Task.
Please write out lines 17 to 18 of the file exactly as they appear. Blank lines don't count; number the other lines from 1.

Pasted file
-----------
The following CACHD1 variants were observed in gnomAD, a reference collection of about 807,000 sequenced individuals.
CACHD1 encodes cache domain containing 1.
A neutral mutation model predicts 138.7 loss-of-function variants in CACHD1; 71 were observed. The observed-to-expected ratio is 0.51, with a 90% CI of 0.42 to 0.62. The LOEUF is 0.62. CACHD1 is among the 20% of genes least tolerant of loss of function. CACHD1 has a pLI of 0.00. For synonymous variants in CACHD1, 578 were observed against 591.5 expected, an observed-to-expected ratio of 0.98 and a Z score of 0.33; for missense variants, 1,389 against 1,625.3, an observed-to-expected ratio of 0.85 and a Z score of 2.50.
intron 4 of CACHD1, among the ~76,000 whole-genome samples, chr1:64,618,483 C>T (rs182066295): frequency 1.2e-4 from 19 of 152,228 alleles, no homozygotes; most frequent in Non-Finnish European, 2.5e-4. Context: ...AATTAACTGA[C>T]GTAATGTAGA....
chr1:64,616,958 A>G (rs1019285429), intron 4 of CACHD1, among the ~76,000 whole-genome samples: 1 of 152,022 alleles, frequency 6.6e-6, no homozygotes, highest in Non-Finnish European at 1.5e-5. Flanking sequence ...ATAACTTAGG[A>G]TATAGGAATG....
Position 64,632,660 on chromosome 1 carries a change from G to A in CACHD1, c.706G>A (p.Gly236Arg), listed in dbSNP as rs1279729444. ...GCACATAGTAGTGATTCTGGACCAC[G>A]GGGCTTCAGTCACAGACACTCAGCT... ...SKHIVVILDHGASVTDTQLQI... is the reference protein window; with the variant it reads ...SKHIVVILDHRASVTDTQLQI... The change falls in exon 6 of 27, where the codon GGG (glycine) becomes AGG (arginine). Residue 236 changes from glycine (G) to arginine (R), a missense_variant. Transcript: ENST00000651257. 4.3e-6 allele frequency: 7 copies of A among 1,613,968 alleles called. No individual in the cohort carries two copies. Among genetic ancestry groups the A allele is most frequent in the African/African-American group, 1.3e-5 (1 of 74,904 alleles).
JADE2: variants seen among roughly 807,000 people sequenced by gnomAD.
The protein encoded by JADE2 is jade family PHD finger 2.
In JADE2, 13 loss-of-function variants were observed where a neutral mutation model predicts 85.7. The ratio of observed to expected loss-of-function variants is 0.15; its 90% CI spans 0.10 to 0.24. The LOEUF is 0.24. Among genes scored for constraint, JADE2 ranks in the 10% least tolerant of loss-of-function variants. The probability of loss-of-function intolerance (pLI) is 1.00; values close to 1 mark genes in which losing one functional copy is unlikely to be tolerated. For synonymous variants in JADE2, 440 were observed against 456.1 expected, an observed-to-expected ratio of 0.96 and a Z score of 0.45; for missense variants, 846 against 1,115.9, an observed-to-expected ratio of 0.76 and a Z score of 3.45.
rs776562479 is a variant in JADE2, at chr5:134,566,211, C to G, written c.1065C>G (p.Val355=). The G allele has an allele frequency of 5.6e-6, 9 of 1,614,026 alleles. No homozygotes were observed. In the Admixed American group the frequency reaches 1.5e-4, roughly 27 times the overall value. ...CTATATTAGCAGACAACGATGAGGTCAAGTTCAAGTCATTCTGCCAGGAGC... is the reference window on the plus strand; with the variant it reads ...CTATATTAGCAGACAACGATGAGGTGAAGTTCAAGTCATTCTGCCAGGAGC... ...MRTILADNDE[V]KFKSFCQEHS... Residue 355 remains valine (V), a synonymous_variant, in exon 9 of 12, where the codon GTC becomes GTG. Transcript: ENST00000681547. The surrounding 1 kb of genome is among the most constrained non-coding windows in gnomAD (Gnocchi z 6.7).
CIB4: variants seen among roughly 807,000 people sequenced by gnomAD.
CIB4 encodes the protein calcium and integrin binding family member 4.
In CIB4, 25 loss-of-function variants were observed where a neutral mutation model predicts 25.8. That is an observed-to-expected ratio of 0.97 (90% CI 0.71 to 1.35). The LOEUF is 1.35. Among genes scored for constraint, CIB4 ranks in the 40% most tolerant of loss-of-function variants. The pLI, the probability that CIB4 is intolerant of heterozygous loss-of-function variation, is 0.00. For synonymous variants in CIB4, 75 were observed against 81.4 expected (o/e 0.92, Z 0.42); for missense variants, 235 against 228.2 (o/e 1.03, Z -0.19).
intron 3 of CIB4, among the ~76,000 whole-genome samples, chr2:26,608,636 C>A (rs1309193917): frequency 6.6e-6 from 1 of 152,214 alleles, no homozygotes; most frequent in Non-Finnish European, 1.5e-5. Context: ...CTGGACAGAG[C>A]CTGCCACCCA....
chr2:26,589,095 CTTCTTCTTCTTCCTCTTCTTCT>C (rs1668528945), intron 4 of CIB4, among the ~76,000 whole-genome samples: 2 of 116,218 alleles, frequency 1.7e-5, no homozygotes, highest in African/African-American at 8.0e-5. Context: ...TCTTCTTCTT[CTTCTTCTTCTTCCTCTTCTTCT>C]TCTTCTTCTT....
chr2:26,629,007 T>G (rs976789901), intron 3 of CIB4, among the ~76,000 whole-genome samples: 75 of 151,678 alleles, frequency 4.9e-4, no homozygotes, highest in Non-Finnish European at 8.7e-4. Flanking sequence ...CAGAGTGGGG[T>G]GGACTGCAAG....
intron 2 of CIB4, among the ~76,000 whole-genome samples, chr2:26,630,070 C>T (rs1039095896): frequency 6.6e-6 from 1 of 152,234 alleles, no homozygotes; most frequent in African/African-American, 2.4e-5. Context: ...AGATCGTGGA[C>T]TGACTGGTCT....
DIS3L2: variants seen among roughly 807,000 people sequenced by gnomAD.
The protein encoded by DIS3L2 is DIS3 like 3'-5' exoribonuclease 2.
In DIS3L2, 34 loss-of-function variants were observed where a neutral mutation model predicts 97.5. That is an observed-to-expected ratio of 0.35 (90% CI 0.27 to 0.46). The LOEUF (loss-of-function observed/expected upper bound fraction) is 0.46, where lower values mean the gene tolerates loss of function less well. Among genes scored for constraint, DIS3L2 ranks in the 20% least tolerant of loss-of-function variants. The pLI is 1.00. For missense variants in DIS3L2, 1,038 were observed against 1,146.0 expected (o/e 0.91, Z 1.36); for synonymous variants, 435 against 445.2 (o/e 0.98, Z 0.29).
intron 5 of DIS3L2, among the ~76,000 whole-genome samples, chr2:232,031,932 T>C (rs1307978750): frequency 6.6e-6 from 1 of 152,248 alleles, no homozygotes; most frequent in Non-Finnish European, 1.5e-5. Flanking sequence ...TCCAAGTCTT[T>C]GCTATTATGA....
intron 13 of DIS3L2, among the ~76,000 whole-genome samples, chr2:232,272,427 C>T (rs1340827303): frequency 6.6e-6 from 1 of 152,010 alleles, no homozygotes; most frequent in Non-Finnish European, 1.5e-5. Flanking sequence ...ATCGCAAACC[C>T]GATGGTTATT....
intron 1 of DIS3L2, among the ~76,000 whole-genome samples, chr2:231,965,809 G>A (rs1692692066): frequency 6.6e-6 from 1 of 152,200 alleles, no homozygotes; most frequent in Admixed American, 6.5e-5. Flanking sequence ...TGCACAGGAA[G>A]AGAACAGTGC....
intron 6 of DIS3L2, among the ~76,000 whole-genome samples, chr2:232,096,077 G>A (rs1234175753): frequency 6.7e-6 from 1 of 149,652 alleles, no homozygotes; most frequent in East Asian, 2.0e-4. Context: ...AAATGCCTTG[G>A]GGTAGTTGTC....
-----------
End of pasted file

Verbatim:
intron 2 of CIB4, among the ~76,000 whole-genome samples, chr2:26,630,070 C>T (rs1039095896): frequency 6.6e-6 from 1 of 152,234 alleles, no homozygotes; most frequent in African/African-American, 2.4e-5. Context: ...AGATCGTGGA[C>T]TGACTGGTCT....
DIS3L2: variants seen among roughly 807,000 people sequenced by gnomAD.